The creature with the white gloves recognized the shift in the air but was too late to react before the hooded figure swooped in and easily subdued it. Using a merciless amount of strength, the hooded figure sent the creature crashing into the stone ground where it winced but made no sound. There was a seething hiss from the darkened hood that turned to a mirthless, sneering laugh. The creature resigned with a sigh and made no attempt to struggle but the vitriol shone in its now vibrant dove grey eyes. It made every attempt to avoid looking at its captor.

“Whatever have we here?” the hooded figure growled in a tone so low that it was barely audible. Still, Trioxin’s ears flickered in his sleep.

“A mistake, I admit,” the creature with the white gloves said, breathlessly. Its voice was still carrying the same lilt that soothed Will to sleep. Trioxin calmed in his sleep but he was still aware. The creature carefully keep an eye on the cat’s reactions through its periphery.

“Reckless fool,” the hooded figure spat in its ear with a low, feral tone. It laughed but it sounded more like a snarl. “Your charm skills are impressive but you risk drawing too much attention. You already know how little the family would approve of your behavior. Now you wish to taste their wrath as well as wake our little sleeper?”

“My punishment is set and I make no bid to fight our family, my Queen,” the creature said, the soft lilting had made the hooded figure loosen her grip. “My fate is yours to command.”

“Oh how I would truly love to believe that you are willing to behave,” the hooded figure mocked. Her tone sank to a dangerously low tone and the creature in her grip braced itself. “You insult me with your lies. I, whom you owe your life to, have never forgotten what landed you in the barracks to start with. Your willful spirit is only of use to me now as a means to carry this plan through. Your little mistake is only another pawn to be played and should she prove more useful than you, the family will have their way after all.”

“You are my family, my Queen,” the creature breathed. The charm of its voice had weakened and it knew that her grip would soon become more violent. Still it tried to keep its tone from wavering.

“And if that is so, what mistake might you have been trying to make?” she said, her teeth exposed and barely an inch away from its ear.

“The newborn isn’t aware,” the creature whispered, its voice still sonorous. “She’s still weak. She’s not yet been made into family.”

“And you would do that here,” the hooded figure snapped, crushing the creature in its grip to the ground. It became breathless and gasped in pain as a bone in its arm snapped. Trioxin’s ear flickered.

Its lips trembled but it made no sound and no attempt to stop the hooded figure as she pinned it to the ground. The creature kept its dulling grey eyes on the firelight as its Queen removed her hood finally and stared down at it with feral red eyes. It knew better than to look directly on the face of a Monarch. It was well aware that it was already in trouble but for the greater good. It understood that she must be appeased, even if it meant it had to suffer this indignity that it knew was coming. It wondered, idly, if the Queen had ever realized that it could see her face regardless. It had seen so many times in so many reflections. It was just grateful that it could cloud her view of its mind. How utterly horrified she would be to find out that her charm was weak enough that she could not hide her rotted flesh. It knew she was weaker than she liked to admit. It knew that her face sagged with the kind of grey, mottled skin that only came of one who had forced her way into the Monarchy. She would look only slightly better after she had taken from the creature but it would know the truth. This was currently its only solace as it dulled its senses and allowed its mind to go blank. She ripped at the cloth covering its neck and held to it tightly, her wicked stare only easing when she felt no movement or strain.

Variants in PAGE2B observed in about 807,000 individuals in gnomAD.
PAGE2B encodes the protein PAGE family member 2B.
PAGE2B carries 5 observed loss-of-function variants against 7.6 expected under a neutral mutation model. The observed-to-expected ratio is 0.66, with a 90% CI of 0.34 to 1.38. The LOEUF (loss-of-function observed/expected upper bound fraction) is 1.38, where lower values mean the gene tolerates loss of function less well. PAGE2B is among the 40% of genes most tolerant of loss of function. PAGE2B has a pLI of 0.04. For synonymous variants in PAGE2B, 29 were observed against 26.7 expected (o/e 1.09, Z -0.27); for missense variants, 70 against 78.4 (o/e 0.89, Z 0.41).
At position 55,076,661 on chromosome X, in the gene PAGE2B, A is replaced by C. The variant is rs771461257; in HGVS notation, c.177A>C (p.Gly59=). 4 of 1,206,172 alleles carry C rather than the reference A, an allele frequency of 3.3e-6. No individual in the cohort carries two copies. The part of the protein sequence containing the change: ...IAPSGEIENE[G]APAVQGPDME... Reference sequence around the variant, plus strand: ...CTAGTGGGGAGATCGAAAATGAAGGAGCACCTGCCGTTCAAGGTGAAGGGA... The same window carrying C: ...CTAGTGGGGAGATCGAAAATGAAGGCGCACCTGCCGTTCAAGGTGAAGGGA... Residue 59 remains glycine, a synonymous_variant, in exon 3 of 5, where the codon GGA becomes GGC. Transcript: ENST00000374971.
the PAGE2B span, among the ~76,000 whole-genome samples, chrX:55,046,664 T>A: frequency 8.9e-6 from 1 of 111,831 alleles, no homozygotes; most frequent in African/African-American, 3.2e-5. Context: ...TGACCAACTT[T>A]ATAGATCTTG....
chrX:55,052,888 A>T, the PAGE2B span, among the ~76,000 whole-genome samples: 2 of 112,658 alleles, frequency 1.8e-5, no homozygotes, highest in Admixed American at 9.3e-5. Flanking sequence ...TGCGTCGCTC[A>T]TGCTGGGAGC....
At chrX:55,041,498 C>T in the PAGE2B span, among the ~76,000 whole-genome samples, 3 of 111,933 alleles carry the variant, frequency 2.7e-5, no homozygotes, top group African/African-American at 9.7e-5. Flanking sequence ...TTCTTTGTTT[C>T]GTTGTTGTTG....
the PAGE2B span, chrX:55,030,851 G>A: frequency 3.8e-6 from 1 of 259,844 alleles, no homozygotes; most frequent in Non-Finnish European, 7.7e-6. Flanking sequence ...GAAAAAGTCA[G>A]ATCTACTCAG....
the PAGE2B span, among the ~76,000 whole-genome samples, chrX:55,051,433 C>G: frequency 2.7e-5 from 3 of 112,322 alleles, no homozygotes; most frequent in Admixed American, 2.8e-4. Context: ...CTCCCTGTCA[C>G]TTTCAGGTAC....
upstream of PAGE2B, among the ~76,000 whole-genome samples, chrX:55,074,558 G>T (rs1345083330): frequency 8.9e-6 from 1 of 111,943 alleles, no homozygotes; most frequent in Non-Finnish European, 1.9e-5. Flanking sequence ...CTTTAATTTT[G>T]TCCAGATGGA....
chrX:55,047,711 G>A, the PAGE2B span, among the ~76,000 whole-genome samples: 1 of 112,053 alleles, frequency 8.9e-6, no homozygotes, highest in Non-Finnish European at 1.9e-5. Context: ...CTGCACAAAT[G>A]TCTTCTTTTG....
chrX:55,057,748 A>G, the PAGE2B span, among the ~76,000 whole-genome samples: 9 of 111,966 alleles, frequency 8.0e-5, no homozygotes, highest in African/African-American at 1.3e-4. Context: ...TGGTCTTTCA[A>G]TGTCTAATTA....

“Your fealty,” she growled.

“Yours, my Queen,” the creature said, tonelessly. Its words were barely more than a whisper.

The Queen wasted no further time and exposed her row of razor teeth. The creature forced itself to keep still through the pain as she ripped into its neck, tearing more than was necessary. It knew she was angry but all it had to do was sink into the feeling and let it flow through its body. Soon enough, her senses began to dull and she was preoccupied with feeding. When it could feel her grip slacken, it knew that it had managed to shake her influence and its eyes became bright, almost to the point of going white, and it was livid. It turned its attention from the fireplace to the sleeping girl on the couch. The cat would protect her with everything and the small boost that it had given the tiny beast would help enough for now. Another small dose would be better. It would allow this place to become too difficult for this wrench of a Queen to come to any longer.

The creature forced itself not to think of this sagging, horrible excuse for a Monarch. She might not be able to read its mind but she could sense its body language and it was hard enough to keep this shallow facade for as long as it had.

Her anger was becoming clearer to it now and the creature knew that it was soon going to be too weak to move. She was pressing down harder and it braced itself to prepare for another broken bone. Its punishment had clearly been decided. To escape would be nearly impossible. If it was discovered, she would have cause to claim that it had failed her and its clemency, or what passed for it in their damned family, would be revoked. It couldn’t allow itself to go dull again. It would be too weak to do anything if it tried. Instead, it took a chance and allowed itself to test the gift it had taken from the Shadow. Sinking into the feeling of being drained, it felt the edges of its very soul becoming softer. It was taking a bit more out of the creature to be doing this but it would be worth it. It clung to this thought as it allowed itself to fade a bit more, careful not to give any indication of what it was doing.